Attention Myrtle Beach golfers: Be on the lookout for a middle-aged guy, possibly going by the name “Eldrick” and playing with an awesome set of clubs. Do not attempt to engage this man in a skins game or even bet him a drink he can't drive one 350 yards.
OK, so maybe Tiger Woods isn't on a Myrtle Beach golf getaway during his self-imposed hiatus from the PGA Tour, but nor is he where everyone expected – atop leaderboards and in hot pursuit of Sam Snead and Jack Nicklaus' respective records for most wins (82) and majors (18). Instead, Tiger is stuck on 79 and 14, and going nowhere anytime soon.
For Tiger to be sitting on those numbers seemed unimaginable five years ago, when the big question was “when” not “if” Tiger would break those time-tested marks. But the infamous infidelity scandal and recurring injury issues have conspired to do the one thing that hundreds of pro golfers couldn't do nearly two decades – beat Tiger.
We were supposed to be watching Woods contend for titles and pump his first for years to come, but now we're left with the lasting images of Tiger scrambling his way to a record high round of 82 at the Phoenix Open, followed by his painful withdrawal from the Farmers Insurance Open. His score after 11 holes was what he used to shoot in 18.
Rather than continuing the sad spectacle, Woods announced that he will not play another PGA tournament until he thinks he can compete “at the highest level.” No one knows when that will be, but it won't be the Feb. 26 Honda Classic, which is played in his own back yard, nor will it be the March 5 World Golf Championship at Doral. Woods, who spent the better part of his career ranked No. 1, didn't qualify as No. 66.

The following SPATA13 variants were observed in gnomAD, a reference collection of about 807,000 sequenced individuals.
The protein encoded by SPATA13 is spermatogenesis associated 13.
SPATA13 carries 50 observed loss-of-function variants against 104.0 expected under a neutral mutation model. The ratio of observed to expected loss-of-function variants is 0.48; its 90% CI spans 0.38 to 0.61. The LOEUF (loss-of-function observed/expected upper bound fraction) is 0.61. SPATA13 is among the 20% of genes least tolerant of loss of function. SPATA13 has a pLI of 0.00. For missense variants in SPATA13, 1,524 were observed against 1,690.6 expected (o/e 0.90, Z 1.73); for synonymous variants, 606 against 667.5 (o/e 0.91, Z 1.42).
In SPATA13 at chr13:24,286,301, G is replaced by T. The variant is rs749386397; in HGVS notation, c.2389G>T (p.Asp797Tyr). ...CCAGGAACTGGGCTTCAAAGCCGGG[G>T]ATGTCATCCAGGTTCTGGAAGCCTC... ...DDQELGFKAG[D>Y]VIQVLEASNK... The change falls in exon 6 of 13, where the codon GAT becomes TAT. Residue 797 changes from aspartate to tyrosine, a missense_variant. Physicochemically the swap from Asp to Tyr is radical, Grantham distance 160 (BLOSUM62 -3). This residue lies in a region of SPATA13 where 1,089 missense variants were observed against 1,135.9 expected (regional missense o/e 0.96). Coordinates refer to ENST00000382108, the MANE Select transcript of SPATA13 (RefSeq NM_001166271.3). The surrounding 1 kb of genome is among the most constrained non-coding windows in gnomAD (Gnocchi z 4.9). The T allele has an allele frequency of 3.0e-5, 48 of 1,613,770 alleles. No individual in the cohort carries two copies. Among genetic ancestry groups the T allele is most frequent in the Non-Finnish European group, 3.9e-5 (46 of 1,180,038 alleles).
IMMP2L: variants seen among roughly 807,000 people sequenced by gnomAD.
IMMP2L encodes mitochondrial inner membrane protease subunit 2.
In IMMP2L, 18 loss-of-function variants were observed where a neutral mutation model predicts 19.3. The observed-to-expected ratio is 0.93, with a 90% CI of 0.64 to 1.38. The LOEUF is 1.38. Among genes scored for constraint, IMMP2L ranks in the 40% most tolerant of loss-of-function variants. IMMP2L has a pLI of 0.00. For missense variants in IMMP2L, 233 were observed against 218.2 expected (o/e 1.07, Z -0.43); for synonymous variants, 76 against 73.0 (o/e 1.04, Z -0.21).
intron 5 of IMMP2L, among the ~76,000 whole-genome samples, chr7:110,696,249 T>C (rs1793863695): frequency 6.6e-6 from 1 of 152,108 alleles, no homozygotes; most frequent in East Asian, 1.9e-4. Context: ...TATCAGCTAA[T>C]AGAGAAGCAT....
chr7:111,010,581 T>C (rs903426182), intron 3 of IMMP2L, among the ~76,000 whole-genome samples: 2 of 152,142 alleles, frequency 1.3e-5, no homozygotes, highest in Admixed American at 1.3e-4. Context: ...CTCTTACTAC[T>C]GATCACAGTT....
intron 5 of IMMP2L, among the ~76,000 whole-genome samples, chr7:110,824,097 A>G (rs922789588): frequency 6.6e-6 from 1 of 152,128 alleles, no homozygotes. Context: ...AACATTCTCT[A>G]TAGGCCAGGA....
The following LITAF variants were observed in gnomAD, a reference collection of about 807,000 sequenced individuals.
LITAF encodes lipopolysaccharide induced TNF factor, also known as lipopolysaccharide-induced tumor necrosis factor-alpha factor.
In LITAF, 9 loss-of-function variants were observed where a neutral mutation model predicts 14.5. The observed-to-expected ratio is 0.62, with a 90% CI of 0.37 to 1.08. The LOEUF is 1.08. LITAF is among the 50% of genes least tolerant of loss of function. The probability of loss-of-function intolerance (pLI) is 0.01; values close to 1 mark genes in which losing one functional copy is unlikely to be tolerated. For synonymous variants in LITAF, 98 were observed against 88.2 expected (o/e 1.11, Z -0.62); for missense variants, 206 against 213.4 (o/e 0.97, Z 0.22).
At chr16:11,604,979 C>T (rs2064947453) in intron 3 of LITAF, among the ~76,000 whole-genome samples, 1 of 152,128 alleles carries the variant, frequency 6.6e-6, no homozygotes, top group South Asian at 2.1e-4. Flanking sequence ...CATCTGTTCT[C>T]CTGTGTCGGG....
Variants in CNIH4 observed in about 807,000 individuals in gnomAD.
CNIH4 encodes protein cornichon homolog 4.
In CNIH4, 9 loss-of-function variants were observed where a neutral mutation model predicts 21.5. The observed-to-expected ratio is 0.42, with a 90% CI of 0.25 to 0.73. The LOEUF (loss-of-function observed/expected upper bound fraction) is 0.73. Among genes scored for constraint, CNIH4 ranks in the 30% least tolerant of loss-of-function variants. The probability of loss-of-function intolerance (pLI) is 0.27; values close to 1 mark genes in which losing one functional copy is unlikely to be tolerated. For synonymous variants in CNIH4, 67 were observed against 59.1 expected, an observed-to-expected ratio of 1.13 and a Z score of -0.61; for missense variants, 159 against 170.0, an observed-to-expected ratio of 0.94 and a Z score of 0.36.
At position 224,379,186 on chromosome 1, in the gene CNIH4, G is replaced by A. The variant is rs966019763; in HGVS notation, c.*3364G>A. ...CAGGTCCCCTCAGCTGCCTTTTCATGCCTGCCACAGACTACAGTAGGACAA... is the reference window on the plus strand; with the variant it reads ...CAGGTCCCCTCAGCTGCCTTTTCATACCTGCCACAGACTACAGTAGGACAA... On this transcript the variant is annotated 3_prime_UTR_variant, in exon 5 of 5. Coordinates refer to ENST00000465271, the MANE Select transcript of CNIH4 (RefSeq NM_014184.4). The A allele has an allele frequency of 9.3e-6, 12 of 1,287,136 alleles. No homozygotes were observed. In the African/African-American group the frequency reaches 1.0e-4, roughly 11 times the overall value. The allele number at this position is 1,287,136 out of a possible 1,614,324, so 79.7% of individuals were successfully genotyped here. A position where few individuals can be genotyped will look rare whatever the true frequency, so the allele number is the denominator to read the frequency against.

“Right now, I need a lot of work on my game, and to still spend time with the people that are important to me,” Woods said. “My play and scores, are not acceptable for tournament golf. Like I've said, I enter a tournament to compete at the highest level, and when I think I'm ready, I'll be back … but I won't be there unless my game is tournament-ready. That's not fair to anyone.”
Especially not to Tiger, who finally seems to understand that he can’t slap a Band-Aid on the bigger issues that are plaguing his game. His previous approach to rehab seems to be how quickly, not how successfully, he could recover from an injury. The body needs time to heal, and so does the mind. Many of his health issues may be between his ears.
Tiger is a textbook case of what happens when you put too much pressure on yourself to perform. His expectations for himself are extremely high, which is a big reason he became the best at such an early age. But it’s also what’s keeping him from becoming the old Tigers Woods again. Baby steps don’t seem to be an option for a guy who has already walked on water. He has to accept that he’s going to get wet a few times before he can cakewalk his way around Rae’s Creek again.
As it turns out, a timeout may be just what the doctor ordered for Tiger. Physically, he can and will recover if given the proper time and rehab. But only when he develops the right mental approach will he get back on track to write a successful sequel to the thrilling first half of his career.